26)  Plums – A substance called hydrogen cyanide is the reason plums shouldn’t be fed to dogs as a treat.  Most of the cyanide is contained in the pit, roots, and foliage, but enough is contained in the flesh to cause digestive distress if too much is eaten.

27)  Tomatoes – Yes, tomatoes are classified as fruit because they grow from a tomato plant’s flower and contain seeds.  Tomatoes aren’t of great concern for dogs if they digest one or two, but it’s better to just stay clear since the green foliage of the tomato plant contains solanine, a toxic substance for dogs.


Good Vegetables


28)  Beets – Providers of vitamin C, folate, manganese, and potassium, beets are another possible snack to add to your repertoire.  Beets help with digestion, a dog’s immune system and they support healthy skin and a better-looking coat.

29)  Bell Peppers – This is a good treat for dogs since bell peppers pack a punch when it comes to nutrients.  Just limit the amount so they don’t cause an upset stomach.

30)  Broccoli – Like bell peppers, broccoli in small quantities makes a good treat.  It is low in fat and high in fiber and vitamin C.  Just be aware that broccoli contains isothiocyanates that can cause gastric issues in some canines.

31)  Brussels Sprouts – Packed with loads of nutrients and antioxidants, Brussels sprouts make a great treat for man’s best friend.  Just don’t overdo it since too much of a good thing can cause unwanted gas.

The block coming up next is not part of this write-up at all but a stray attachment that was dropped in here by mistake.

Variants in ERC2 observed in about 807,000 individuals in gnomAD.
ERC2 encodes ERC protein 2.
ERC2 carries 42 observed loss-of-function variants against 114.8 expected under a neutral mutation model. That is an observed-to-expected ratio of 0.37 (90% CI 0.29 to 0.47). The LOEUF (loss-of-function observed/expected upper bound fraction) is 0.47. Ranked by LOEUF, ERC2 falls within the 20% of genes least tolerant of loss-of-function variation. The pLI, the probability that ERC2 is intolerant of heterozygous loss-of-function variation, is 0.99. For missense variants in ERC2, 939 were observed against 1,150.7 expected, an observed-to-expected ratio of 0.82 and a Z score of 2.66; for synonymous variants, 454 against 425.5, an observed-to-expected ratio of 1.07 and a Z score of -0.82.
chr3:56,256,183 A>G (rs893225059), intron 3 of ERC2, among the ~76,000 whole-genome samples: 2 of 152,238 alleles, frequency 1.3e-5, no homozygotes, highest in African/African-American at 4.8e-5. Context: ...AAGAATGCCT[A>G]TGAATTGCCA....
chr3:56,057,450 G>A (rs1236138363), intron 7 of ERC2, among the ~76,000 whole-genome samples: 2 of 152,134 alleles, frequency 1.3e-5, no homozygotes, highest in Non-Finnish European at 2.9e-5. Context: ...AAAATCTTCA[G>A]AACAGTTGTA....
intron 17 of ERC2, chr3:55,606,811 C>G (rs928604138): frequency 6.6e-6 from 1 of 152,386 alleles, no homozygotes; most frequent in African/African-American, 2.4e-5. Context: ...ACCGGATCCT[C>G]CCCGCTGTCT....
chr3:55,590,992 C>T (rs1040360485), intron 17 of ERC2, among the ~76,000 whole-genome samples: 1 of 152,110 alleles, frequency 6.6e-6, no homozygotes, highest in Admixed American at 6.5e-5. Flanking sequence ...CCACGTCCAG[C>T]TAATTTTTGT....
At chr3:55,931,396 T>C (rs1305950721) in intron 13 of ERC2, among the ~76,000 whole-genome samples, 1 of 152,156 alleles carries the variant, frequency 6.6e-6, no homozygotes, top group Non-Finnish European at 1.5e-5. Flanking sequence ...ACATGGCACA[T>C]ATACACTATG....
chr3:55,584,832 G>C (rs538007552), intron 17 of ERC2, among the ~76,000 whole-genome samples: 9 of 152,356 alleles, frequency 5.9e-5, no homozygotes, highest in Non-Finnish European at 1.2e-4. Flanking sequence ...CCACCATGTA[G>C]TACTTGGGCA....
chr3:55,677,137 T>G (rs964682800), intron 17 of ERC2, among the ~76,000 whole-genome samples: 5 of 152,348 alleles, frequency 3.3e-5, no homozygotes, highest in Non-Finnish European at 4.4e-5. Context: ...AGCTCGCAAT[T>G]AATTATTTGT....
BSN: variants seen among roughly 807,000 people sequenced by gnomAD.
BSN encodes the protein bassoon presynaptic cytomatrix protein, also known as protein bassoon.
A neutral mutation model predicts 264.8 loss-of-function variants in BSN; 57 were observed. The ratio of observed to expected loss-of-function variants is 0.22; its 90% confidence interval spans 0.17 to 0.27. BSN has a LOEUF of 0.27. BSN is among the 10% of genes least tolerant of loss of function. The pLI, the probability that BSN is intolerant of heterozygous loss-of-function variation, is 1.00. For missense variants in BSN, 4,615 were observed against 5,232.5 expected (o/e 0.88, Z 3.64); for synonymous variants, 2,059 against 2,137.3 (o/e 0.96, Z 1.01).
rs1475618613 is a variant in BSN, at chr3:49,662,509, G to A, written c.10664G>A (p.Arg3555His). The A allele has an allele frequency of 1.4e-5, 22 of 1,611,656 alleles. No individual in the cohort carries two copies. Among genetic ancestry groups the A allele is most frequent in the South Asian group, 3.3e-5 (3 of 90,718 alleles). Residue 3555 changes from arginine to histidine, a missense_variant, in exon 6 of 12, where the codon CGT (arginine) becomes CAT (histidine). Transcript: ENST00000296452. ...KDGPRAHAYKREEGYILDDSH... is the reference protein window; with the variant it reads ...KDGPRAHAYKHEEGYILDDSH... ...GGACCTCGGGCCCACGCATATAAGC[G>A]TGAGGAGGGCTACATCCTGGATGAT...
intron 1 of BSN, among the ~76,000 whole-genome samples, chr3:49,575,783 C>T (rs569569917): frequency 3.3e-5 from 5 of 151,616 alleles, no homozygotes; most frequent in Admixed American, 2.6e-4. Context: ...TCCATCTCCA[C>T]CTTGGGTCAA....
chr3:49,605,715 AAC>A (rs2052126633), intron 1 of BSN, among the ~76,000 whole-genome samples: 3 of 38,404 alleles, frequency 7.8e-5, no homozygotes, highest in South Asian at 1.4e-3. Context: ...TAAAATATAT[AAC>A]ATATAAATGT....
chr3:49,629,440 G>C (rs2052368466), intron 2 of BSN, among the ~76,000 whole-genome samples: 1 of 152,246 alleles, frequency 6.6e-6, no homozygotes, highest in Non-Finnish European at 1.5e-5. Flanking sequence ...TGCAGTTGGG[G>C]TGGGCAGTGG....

32)  Butternut Squash – Loaded with vitamins A and C, in addition to containing potassium and fiber, butternut squash is a good choice to sprinkle into your dog’s menu if desired.

33)  Cabbage – Purple cabbage has a great number of antioxidants and is a good treat for dogs in moderation.  Like Brussels sprouts, it can cause gas, so be aware.  It aids in digestion, is good for the skin, and helps fight cancer.

34)  Carrots – High in fiber, potassium, and beta-carotene, both raw and cooked carrots make a great addition to your dog’s menu.   Frozen carrots even help with teething for young pups or as a mid-summer cool treat.

35)  Cauliflower – Rich in nutrients and enjoyed by many dogs, cauliflower makes a great supplement to a dog’s diet.  Feed once a week or less to avoid any gastrointestinal issues that could cause diarrhea or gas.

36)  Celery – Another great snack for dogs, celery is low calorie, crunchy, and is loaded with vitamins A, B, and C that helps fight cancer and promote a healthy heart.  In addition, it is said that celery can help freshen a dog’s breath.